“It is Written”: Knowing Truth in Context
Have you ever not known how to respond when a non-Christian negatively throws a Bible verse in your face? Or when you’re still completely dejected despite a well-intentioned Christian telling you, “God helps those who help themselves” (um, Ben Franklin said that) or “God will never give you more than you can bear” (yes, this is based on 1 Corinthians 10:13 but within the specific context of overcoming temptation with Christ’s help)? Bible verses used out of context are not helpful and can even be damaging.
Matthew 4 displays Satan’s attempt to tempt Christ by using Scripture and fleshly desires. Satan wasn’t wrong in his statements of Christ’s abilities through the Father. But Satan’s prerogative was evil and he was banking on Jesus’ flesh to cave in. Jesus knew Satan’s intentions, knew the context of the Scripture used and was able to respond appropriately with Scripture.
Versus 1-4: (1) Then Jesus was led up by the Spirit into the wilderness to be tempted by the devil. (2) And after fasting forty days and forty nights, he was hungry. (3) And the tempter came and said to him, “If you are the Son of God, command these stones to become loaves of bread.” (4) But he answered, “It is written, ‘Man shall not live by bread alone, but by every word that comes from the mouth of God.’”
Jesus was fully capable of making stones into bread (He made water out of wine and fed thousands with a few bread loaves and fish). And after 40 days of fasting in the desert, his flesh probably greatly desired food. But Jesus responded with Deuteronomy 8:3, choosing to live first “by every word that comes from the mouth of God” and prioritize God’s will and purpose over fleshly desires.
Verses 5-7: (5) Then the devil took him to the holy city and set him on the pinnacle of the temple (6) and said to him, “If you are the Son of God, throw yourself down, for it is written, ‘He will command his angels concerning you,’ and ‘On their hands they will bear you up, lest you strike your foot against a stone.’” (7) Jesus said to him, “Again it is written, ‘You shall not put the Lord your God to the test.’”
Satan then took Scripture out of context to tempt Jesus with power. Psalm 91:11-12 states, “For he will command his angels concerning you to guard you in all your ways. On their hands they will bear you up, lest you strike your foot against a stone.” Satan intentionally left out part of the Scripture. The angels were there to guard Jesus in all ways, as long as these ways were within God’s Will. It was not God’s will for Jesus to submit to Satan’s request to jump from the temple. This applies to believers as well. “God had never promised, nor ever given, any protection of angels in sinful and forbidden ways” (Poole). Jesus responded in support of following God’s Will by correctly applying Deuteronomy 6:16.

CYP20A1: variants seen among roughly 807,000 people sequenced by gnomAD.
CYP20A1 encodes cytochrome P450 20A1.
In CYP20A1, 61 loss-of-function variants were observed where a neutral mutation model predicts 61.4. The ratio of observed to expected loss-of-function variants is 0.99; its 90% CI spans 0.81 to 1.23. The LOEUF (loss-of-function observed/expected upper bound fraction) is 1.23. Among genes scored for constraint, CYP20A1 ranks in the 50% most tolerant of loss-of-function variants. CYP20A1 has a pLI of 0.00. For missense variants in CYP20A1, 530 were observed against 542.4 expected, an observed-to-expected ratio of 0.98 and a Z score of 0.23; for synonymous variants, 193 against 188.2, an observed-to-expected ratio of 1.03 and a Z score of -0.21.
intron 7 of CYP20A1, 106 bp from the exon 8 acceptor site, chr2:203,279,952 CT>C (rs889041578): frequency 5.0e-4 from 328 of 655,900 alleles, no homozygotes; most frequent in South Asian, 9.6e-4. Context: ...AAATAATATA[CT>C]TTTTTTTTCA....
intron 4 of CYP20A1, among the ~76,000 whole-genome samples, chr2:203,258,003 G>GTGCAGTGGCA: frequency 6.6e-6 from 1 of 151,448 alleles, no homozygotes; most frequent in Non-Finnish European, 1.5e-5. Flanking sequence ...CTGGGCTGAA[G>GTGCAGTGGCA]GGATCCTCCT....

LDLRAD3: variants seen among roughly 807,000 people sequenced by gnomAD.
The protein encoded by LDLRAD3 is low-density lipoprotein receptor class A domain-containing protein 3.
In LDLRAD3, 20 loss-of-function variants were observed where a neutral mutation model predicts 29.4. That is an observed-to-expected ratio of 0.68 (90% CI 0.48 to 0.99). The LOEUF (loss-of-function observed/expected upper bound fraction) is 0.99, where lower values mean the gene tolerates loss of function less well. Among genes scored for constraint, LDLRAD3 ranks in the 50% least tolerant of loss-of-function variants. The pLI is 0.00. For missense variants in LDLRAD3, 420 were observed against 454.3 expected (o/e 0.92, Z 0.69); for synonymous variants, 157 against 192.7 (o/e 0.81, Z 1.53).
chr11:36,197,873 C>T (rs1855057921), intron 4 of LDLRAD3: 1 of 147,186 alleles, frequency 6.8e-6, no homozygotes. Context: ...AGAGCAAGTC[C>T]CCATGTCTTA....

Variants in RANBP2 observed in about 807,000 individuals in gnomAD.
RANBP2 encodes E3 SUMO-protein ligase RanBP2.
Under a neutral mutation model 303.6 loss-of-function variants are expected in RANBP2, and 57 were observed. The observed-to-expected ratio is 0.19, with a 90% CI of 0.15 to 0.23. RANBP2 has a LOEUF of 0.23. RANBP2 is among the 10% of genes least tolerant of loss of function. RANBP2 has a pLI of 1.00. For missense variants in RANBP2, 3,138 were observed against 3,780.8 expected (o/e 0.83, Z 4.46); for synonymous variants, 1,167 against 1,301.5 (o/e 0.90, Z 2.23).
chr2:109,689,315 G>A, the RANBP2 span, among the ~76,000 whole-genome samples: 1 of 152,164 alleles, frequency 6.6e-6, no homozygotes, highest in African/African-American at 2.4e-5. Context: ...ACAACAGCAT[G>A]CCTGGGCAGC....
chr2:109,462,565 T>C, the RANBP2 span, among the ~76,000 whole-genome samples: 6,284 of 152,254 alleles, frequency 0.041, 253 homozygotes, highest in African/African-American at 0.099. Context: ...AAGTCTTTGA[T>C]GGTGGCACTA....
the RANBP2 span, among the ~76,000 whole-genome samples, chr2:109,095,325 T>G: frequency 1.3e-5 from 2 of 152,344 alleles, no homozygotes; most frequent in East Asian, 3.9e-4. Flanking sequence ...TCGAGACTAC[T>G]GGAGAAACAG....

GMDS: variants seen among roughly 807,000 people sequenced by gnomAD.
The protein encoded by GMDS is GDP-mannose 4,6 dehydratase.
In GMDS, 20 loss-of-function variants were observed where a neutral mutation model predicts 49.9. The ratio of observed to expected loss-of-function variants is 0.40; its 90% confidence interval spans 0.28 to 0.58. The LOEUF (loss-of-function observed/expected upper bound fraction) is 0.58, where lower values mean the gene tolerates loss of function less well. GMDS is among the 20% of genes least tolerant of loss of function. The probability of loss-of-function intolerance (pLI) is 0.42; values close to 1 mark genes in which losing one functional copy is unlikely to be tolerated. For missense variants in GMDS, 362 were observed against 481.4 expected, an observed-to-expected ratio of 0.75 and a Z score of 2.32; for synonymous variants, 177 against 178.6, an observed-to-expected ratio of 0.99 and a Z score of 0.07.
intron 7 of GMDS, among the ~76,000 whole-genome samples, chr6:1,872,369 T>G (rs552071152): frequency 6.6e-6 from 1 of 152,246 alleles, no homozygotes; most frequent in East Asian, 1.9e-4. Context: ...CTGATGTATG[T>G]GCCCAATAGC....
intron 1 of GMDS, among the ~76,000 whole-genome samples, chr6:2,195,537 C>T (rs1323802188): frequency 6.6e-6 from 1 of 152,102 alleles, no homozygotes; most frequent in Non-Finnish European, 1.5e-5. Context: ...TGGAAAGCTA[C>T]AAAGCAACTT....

Verses 8-11: (8) Again, the devil took him to a very high mountain and showed him all the kingdoms of the world and their glory. (9) And he said to him, “All these I will give you, if you will fall down and worship me.” (10) Then Jesus said to him, “Be gone, Satan! For it is written, ‘You shall worship the Lord your God and him only shall you serve.’” (11) Then the devil left him, and behold, angels came and were ministering to him.
Satan was hoping to appeal to Jesus’ fleshly pride, offering him earthly kingship in exchange for worshiping Satan. But Jesus knew it was God’s Will for him to endure the cross and sins of mankind and to worship God alone. Jesus again responds by quoting Scripture (Deuteronomy 6:13), and Satan realizes he cannot tempt Jesus to sin.
What does this mean for us?
Jesus did not use supernatural powers to combat Satan’s temptations and misconstrued Scripture. He used a tool that’s also available to us: God’s Word. We can fully arm ourselves with God’s Word by:
• Reading the Bible. Sounds simple, but the only way you’ll know the context of a verse is to know the context of the chapter and book. There are multiple plans available online to conquer reading the Bible in a year.
• Praying. Pray that God reveals His Word to you. The more you are reading about God and communicating with him through prayer, the more you will know his character.
• Joining a small group. Small groups are a great way to meet with other Christians and study the Bible, chapter by chapter.
• Discipling relationships. Pairing up with another brother or sister in Christ allows you to better learn Scripture, gain accountability and grow in faith.
• Attending church. Set aside time in your schedule and clear your mind to fully absorb God’s Word each week through communal worship.
If you are interested in learning more about the above opportunities, send us an email at email@example.com.